Viagra for Women could be approved by the FDA.

Viagra for women
Viagra for women

On Thursday, a drug for female sex drive called flibanserin will once again be considered by the FDA for approval. It’s already been rejected twice by the agency, which has cited a lack of proof for its effectiveness as well as side effects like sleepiness and nausea. This time around it could get the stamp of approval, or it could fall in with several other failed attempts at a drug for women’s sexual desire.
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Sprout Pharmaceuticals, which owns flibanserin, is not the first to put time and resources into a drug to enhance women’s desire for sex. Pfizer, for instance, had been trying to invent a successful Viagra for women more than 15 years ago, and in 2004, they gave up, saying sexual desire for men and women are very different, and that for women, arousal and desire are not necessarily always related. That same year, the FDA rejected a testosterone patch for women citing concern over its long-term safety. In the intervening decade, many other attempts have been made to develop a little pill as effective—and popular—with women as Viagra is with men.

Why some women have low sexual desire is still the subject of some debate. A lack of desire can, some experts say, signal non-biological issues like stress or trouble in the relationship. But many experts believe that’s not the full picture and there’s a biological basis for libido.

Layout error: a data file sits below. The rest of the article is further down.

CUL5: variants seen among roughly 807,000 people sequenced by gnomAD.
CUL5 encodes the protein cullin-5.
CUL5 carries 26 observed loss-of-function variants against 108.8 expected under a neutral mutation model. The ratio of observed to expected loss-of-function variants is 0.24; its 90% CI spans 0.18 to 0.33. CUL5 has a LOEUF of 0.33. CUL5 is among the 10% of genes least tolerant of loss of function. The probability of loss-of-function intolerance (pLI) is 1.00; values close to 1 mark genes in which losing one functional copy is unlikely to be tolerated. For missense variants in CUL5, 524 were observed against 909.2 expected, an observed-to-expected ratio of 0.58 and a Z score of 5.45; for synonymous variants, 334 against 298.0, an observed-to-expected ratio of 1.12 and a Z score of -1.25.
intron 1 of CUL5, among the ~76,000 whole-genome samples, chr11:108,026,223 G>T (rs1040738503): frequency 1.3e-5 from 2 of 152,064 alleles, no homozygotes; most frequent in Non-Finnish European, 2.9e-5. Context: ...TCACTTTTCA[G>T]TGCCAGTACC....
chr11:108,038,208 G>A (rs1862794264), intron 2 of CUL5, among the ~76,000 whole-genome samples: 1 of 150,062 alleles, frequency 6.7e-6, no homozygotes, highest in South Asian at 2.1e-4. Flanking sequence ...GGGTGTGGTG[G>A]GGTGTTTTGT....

“I think it would be nice if a drug like this could work, having better sex is important to my patients,” says Dr. Mary Jane Minkin, a clinical professor of obstetrics, gynecology and reproductive services at Yale School of Medicine. “The earlier results showed it definitely increased desire, but the benefit was not overwhelming enough.”

Sprout’s flibanserin is intended to treat pre-menopausal women with Hypoactive Sexual Desire Disorder (HSDD) and works by targeting neurotransmitters in the brain involved with sexual arousal and desire. The drug is thought to temporarily lower levels of serotonin and increase levels of dopamine and norepinephrine in the brain. The company says its clinical trials have shown that when placebo is accounted for, women experience a 37% increase in sexual desire.

Those who don’t support the drug’s approval say it doesn’t have enough evidence to back it up. The drug is intended to be used daily, which some in the medical community say raises concerns over its long-term safety. And some experts argue that flibanserin may not be the blockbuster drug it’s being made out to be. “This one is not a fabulous drug, but it would be nice to have it. It’s for someone else to decide if nausea is worth more libido,” says Minkin.

Whether the tide changes for flibanserin this week is yet to be seen, but it underlines the ongoing debate over just how complicated sexuality can be.

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